The Indy mixes together the horizontal and vertical video sync signals
with the green line. This is referred to as "composite
(H+V) sync on green".
(Updated 2/28/01). The Indy also puts out separate sync signals, as well
as composite (H+V) sync on a separate pin. The signals are as follows:
3 - Composite (H+V) sync, negative polarity.
4 - Horizontal sync, negative polarity.
5 - Vertical sync, negative polarity.
The pinout is listed above. PeeCee graphics boards also put out separate horizontal and vertical sync on 2 separate pins in their HD15 connectors. Sun workstations put out "Separate composite (H+V) sync", which has the H and V sync mixed together on a separate pin. A VERY Faq is "can I use my PeeCee monitor on my Indy". The answer is a definite "maybe". First of all, you will need an adapter to convert the 13W3 connector on the back of the Indy to what's called "HD15" for your PeeCee monitor. This will give you the physical connection. Secondly, the adapter you purchase must be wired to provide the H and V sync signals to the female HD15 connector OR your monitor must be able to support composite (H+V) sync on green. Most inexpensive PeeCee monitors don't. Most of the better quality monitors (e.g. Sony), do. The 13W3(male)-HD15(female) adapters sold by Reputable Systems do NOT have the correct wiring for the H and V signals to the HD15 connector, therefore, your monitor must support sync on green.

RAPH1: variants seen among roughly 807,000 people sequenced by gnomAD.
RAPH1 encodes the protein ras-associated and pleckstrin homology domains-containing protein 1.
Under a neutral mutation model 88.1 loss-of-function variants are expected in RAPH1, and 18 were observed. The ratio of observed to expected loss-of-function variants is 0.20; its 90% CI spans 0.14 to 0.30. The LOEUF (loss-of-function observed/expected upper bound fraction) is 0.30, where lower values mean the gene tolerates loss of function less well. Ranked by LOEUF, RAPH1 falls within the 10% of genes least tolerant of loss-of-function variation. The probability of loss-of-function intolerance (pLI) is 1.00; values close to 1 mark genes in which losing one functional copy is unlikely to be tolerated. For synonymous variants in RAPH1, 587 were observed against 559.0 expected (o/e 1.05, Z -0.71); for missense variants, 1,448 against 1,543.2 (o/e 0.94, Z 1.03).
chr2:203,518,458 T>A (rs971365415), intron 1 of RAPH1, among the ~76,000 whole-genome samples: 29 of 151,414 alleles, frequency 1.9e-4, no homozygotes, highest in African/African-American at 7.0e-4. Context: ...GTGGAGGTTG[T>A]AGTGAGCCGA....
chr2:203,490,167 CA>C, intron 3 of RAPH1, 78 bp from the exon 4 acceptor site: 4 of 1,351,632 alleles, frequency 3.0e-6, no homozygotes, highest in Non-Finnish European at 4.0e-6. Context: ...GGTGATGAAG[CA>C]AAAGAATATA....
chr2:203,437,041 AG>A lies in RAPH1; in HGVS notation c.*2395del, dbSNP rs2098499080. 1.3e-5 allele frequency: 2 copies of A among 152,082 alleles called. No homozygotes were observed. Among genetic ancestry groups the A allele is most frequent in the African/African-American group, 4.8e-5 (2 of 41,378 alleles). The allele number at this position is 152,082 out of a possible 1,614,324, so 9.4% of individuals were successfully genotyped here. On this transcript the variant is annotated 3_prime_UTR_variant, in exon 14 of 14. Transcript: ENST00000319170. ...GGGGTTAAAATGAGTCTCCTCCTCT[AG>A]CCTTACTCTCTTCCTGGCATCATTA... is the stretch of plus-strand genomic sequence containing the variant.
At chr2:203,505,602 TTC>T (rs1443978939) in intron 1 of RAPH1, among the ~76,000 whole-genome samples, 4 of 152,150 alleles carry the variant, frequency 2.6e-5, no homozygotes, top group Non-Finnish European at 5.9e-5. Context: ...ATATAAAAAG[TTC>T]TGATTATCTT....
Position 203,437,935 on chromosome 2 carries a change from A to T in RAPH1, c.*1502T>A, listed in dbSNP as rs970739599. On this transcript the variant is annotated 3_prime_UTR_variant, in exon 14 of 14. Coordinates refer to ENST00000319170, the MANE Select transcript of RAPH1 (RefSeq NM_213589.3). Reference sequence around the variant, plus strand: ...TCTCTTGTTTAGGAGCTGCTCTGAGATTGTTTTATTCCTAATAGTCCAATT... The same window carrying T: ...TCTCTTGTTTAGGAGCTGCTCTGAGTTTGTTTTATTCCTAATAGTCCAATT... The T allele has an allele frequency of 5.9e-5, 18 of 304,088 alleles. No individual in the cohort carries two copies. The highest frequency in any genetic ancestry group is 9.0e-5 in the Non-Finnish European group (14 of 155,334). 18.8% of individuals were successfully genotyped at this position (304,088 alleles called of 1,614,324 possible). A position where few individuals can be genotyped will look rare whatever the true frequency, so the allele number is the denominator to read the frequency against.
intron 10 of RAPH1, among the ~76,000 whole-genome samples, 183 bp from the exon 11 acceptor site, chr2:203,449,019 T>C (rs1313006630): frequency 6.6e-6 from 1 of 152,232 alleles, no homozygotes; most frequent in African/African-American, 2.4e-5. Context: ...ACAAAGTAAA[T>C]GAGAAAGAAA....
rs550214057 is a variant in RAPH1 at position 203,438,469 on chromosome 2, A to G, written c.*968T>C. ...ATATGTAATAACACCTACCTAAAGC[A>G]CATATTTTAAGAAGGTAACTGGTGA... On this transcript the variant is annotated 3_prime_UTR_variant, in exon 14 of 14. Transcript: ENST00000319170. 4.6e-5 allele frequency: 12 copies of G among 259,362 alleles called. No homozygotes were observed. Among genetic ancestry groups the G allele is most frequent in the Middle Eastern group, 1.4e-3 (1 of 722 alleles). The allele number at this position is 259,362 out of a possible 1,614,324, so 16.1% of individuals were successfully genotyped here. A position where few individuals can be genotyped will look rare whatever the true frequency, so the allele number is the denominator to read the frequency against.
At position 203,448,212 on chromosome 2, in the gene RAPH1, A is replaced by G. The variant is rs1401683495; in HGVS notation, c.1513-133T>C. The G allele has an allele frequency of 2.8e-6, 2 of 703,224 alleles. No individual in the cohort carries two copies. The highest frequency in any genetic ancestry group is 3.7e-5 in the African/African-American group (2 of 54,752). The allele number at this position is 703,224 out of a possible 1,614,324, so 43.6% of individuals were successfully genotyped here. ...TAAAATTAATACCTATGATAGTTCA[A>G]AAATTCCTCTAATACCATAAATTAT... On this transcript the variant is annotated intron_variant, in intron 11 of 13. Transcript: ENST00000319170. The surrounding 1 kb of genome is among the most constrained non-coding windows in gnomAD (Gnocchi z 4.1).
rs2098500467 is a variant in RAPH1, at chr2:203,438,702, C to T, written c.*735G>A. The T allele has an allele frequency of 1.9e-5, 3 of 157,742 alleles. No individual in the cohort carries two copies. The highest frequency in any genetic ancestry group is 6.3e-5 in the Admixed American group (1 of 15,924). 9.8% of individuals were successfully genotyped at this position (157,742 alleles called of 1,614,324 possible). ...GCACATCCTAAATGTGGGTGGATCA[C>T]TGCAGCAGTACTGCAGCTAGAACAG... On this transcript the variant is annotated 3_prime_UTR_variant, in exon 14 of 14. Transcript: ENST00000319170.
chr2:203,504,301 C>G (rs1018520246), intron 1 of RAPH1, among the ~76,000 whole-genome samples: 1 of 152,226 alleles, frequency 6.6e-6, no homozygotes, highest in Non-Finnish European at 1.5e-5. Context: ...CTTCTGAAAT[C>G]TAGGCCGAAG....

Monitors verified to work on an Indy, with the 13W3 - HD15 adapter sold
by Reputable Systems:
(please email with others)
Sun (Sony) GDM17E10 (with 13W3 connector)
Sun (Sony) GDM20E20 (with 13W3 connector)
SGI (Sony) GDM20E21
Sony Multiscan 200sx
Sony CPD-17SF (1280x1024_60Hz Max)
Sony 100sf (need to remove pin 10 from 13W3 side of adapter)
Sony HMD A200
Dell Ultrascan 17TX (model 1726T-HS)
Viewsonic PF790 (need to remove pin 10 from 13W3 side of adapter)
Nanao Flexscan F550i-W
Eizo Flexscan FX-D7
Eizo Flexscan F-55s
NEC 5FG (May not work - have conflicting reports from the field)
Iyama Vision Master Pro 450 (S901HT)
Mag MX17 (using the BNCs and not the HD15)
CTX 1569S (with pin 10 of adapter broken off)
Samsung GL17si (connect monitor after Indy power up)
Monitors known NOT to work on an Indy, with the 13W3 - HD15 adapter: